InsightaaS: Although InsightaaS cites many different sources in Across the Net, Al Jazeera had never been one, until we were prompted to review this item by law professor Neil Richards and cloud expert Jonathan King. Canadian readers may be familiar with King – he spoke at a CenturyLink Technology Solutions event in Toronto last year (sharing the podium with InsightaaS.com’s Michael O’Neil), and he is scheduled to appear at next week’s Cloud Factory event in Banff.
Richards and King co-authored the paper “Three Paradoxes of Big Data” in September of 2013, and have recently collaborated on a new paper, “Big Data Ethics.” The Al Jazeera article presents high points from the paper. The piece identifies four facts that “should guide our discussion” of Big Data ethics: “privacy rules are necessary,” “even shared personal information can be protected,” “big data requires transparency,” and “big data can compromise identity.” Ultimately, the article concludes, “We need to establish social norms for the use of data to make decisions about people, and for the rights that people have for understanding and disputing those decisions…we must all be part of the conversation, and part of the solution. Big data ethics is for everyone.”
These days, everyone seems to be talking about “big data.” Engineers, researchers, lawyers, executives and self-trackers all tout the surprising insights they can get from applying math to large data sets. The rhetoric of big data is often overblown, exaggerated and contradictory, but there’s an element of truth to the claim that data science is helping us to know more about our world, our society and ourselves.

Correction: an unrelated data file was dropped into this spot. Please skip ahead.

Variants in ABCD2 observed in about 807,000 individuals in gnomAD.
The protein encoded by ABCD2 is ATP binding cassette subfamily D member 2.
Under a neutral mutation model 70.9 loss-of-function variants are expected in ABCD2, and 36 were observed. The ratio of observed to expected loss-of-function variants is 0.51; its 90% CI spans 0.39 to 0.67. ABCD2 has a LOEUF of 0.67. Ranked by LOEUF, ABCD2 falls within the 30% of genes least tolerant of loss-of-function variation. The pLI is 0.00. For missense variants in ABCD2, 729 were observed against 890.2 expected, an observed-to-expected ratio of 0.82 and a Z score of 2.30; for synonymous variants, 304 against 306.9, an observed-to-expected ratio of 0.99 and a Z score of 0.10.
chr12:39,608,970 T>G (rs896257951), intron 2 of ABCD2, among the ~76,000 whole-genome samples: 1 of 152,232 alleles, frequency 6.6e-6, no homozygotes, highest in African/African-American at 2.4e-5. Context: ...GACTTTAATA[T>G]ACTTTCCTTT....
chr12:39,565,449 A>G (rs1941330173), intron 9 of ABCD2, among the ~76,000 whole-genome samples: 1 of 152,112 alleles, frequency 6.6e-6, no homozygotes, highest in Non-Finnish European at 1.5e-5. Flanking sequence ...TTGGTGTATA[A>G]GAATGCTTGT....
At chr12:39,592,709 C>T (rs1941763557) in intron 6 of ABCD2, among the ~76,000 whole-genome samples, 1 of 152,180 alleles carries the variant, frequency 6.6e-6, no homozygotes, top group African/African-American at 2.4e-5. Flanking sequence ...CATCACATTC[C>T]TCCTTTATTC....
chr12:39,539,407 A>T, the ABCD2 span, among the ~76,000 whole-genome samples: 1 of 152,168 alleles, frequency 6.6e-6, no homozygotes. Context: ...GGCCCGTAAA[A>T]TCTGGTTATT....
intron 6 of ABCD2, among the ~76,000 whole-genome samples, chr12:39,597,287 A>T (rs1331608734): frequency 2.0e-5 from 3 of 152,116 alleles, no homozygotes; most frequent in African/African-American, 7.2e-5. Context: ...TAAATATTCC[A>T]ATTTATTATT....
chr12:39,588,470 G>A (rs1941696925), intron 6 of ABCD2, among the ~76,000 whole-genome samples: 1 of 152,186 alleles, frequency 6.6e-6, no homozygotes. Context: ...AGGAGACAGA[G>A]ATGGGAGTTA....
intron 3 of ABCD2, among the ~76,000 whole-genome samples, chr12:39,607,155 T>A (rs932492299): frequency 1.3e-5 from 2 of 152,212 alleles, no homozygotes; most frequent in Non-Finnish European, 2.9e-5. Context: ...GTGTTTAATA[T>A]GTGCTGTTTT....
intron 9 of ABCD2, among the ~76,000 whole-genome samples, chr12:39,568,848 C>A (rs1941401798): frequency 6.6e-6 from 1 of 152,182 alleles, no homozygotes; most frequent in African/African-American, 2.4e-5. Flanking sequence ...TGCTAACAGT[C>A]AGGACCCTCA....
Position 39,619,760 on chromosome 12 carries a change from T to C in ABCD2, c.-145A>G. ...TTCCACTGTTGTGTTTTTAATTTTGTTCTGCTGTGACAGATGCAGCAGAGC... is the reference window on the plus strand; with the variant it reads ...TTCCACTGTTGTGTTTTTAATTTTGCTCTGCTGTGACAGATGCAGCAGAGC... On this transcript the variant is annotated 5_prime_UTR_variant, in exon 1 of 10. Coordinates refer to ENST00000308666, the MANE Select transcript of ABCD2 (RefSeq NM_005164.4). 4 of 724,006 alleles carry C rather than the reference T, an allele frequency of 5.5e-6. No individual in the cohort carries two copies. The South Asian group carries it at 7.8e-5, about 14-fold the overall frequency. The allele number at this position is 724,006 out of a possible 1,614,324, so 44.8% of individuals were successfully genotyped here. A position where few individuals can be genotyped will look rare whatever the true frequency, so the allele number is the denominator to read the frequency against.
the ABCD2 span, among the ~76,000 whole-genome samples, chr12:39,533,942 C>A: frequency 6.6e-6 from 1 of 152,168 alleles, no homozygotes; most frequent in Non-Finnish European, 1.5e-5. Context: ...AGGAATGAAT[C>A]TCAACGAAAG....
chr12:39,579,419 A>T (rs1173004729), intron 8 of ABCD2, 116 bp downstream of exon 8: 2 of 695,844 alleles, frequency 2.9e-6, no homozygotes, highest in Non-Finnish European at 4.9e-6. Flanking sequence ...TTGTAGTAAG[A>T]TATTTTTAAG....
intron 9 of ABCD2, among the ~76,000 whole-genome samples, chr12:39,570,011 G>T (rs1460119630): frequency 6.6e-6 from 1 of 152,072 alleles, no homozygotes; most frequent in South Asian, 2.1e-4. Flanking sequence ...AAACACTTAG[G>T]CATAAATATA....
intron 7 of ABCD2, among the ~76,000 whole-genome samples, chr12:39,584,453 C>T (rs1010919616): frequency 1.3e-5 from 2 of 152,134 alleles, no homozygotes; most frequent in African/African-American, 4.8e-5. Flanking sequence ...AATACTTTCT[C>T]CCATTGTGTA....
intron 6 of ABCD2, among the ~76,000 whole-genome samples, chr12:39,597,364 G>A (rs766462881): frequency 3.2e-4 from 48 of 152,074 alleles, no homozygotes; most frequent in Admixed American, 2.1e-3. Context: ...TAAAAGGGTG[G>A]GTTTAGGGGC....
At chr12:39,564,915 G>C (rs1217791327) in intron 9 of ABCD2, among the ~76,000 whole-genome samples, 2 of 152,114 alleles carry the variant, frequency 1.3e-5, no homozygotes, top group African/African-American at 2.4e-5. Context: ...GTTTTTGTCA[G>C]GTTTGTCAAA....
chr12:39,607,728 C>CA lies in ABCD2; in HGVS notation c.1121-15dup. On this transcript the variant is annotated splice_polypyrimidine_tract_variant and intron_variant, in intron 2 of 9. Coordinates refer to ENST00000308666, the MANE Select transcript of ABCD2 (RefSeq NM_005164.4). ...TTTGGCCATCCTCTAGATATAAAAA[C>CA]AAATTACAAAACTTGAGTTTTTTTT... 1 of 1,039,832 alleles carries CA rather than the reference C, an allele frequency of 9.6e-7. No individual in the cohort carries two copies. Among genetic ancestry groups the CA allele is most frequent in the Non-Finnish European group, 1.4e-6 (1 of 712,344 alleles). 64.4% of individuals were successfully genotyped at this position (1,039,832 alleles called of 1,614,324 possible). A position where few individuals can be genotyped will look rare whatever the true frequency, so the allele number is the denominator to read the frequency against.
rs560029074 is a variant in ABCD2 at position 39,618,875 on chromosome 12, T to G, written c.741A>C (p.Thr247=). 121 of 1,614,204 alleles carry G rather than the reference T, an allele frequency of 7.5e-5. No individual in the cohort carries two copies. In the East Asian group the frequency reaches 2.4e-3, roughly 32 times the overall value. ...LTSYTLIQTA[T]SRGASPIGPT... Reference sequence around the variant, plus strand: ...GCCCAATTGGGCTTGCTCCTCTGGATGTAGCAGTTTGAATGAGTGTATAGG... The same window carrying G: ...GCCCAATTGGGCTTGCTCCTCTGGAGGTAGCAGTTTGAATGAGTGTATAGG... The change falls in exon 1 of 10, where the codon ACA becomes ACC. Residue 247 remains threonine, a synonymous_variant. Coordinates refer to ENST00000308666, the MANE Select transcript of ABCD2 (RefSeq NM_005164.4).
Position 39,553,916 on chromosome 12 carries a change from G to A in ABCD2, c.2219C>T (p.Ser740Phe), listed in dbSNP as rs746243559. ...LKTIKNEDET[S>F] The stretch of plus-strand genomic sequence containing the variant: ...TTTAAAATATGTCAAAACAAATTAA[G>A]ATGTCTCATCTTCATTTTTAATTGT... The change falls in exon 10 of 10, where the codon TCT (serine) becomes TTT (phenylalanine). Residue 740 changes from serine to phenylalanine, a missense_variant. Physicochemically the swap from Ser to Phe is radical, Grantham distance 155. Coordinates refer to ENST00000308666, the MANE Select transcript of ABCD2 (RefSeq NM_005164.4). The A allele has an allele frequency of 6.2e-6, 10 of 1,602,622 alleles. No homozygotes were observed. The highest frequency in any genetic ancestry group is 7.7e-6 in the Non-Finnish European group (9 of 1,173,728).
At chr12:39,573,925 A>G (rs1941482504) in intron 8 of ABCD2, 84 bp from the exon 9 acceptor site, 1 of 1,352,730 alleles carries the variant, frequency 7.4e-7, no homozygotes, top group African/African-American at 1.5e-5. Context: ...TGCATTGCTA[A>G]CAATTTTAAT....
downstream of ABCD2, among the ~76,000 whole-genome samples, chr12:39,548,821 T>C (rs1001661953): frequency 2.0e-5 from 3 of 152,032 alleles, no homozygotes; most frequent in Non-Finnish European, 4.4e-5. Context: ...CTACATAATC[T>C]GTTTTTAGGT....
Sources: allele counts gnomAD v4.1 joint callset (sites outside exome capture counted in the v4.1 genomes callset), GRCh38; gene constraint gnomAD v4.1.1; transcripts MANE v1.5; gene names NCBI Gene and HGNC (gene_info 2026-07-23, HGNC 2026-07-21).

Data scientists use big data to deliver personalized ads to Internet users, to make better spell checkers and search engines, to predict weather patterns, perform medical research, learn about customers, set prices and plan traffic flow patterns. Big data can also fight crime, whether through the use of automated license-plate readers or, at least theoretically, through the collection of vast amounts of “metadata” about our communications and associations by the National Security Agency.
Big data allows us to know more, to predict and to influence others. This is its power, but it’s also its danger…
Read the entire article: http://america.aljazeera.com/opinions/2014/2/gigabytes-gone-wild.html
Download the Big Data Ethics paper: http://papers.ssrn.com/sol3/Delivery.cfm/SSRN_ID2384174_code400644.pdf?abstractid=2384174&mirid=1